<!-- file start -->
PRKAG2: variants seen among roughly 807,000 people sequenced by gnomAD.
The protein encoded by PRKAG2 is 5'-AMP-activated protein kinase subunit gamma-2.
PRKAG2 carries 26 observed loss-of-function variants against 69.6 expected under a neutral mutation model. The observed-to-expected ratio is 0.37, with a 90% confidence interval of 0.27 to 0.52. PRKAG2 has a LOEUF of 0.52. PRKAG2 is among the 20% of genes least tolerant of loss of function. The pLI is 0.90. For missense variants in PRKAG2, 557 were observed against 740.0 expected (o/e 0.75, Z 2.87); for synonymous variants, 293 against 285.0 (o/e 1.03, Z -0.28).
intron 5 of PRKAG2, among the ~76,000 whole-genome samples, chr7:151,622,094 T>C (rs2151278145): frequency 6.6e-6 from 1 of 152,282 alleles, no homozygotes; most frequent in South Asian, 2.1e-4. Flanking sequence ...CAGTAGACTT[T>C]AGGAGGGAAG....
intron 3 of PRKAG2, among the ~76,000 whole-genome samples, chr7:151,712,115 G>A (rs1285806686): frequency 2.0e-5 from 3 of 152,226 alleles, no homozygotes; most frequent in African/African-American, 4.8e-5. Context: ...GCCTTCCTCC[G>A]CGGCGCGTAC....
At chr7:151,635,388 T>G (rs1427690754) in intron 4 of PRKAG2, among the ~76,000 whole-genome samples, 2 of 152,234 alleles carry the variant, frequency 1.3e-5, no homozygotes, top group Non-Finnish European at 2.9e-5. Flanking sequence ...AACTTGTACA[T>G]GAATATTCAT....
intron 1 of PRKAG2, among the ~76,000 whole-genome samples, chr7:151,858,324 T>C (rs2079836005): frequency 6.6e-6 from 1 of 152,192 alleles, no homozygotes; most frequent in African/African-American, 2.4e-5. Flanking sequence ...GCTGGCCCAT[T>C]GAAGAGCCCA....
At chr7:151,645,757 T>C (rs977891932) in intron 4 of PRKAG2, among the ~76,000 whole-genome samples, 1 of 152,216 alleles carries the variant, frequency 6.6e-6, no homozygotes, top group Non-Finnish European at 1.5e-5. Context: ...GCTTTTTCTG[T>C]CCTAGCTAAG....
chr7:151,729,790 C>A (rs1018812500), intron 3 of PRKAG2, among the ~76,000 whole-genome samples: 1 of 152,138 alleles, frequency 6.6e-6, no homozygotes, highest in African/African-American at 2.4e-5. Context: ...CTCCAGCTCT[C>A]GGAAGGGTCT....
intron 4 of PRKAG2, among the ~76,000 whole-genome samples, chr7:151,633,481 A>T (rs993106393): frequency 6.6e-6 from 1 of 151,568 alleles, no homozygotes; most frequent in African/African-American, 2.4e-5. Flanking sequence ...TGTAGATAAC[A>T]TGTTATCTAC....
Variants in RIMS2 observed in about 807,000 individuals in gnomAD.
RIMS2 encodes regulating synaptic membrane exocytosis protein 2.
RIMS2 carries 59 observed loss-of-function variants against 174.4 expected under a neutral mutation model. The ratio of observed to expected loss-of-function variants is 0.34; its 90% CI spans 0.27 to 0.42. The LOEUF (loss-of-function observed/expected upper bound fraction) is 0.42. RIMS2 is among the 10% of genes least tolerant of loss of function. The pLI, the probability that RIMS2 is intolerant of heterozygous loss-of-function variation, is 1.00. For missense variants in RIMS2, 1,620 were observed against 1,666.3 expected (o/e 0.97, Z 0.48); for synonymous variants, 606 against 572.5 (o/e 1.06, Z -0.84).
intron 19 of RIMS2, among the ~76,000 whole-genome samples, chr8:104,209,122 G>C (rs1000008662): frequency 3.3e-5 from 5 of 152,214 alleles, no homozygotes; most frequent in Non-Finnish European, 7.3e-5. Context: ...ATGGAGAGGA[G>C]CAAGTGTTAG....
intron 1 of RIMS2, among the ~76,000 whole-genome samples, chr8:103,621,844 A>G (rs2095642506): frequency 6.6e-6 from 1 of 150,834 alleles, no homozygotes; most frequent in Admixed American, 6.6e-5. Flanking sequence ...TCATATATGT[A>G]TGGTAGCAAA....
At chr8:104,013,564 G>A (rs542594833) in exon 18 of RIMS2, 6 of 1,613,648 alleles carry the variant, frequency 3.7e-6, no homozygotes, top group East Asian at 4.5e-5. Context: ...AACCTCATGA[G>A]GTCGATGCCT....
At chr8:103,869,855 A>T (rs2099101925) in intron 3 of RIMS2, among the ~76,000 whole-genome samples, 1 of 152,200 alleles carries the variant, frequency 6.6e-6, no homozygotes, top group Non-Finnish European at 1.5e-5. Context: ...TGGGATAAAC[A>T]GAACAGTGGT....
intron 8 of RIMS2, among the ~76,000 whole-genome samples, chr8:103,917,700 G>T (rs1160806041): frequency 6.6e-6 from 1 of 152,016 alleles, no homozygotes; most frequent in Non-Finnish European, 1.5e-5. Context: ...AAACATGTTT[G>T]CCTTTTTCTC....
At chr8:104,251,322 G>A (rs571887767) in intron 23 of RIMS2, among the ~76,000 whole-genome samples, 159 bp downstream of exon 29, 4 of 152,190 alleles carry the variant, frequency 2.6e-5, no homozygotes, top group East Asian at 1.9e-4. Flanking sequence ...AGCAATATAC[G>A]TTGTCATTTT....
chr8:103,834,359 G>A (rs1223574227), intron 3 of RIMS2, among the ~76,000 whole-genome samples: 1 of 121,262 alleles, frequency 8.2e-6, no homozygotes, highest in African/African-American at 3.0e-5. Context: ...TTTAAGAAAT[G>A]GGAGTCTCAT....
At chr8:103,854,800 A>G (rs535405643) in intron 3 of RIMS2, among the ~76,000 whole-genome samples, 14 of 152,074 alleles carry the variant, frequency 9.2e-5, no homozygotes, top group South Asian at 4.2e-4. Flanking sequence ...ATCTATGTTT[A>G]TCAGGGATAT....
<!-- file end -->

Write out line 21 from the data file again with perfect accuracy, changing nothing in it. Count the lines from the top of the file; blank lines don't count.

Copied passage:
At chr8:103,854,800 A>G (rs535405643) in intron 3 of RIMS2, among the ~76,000 whole-genome samples, 14 of 152,074 alleles carry the variant, frequency 9.2e-5, no homozygotes, top group South Asian at 4.2e-4. Flanking sequence ...ATCTATGTTT[A>G]TCAGGGATAT....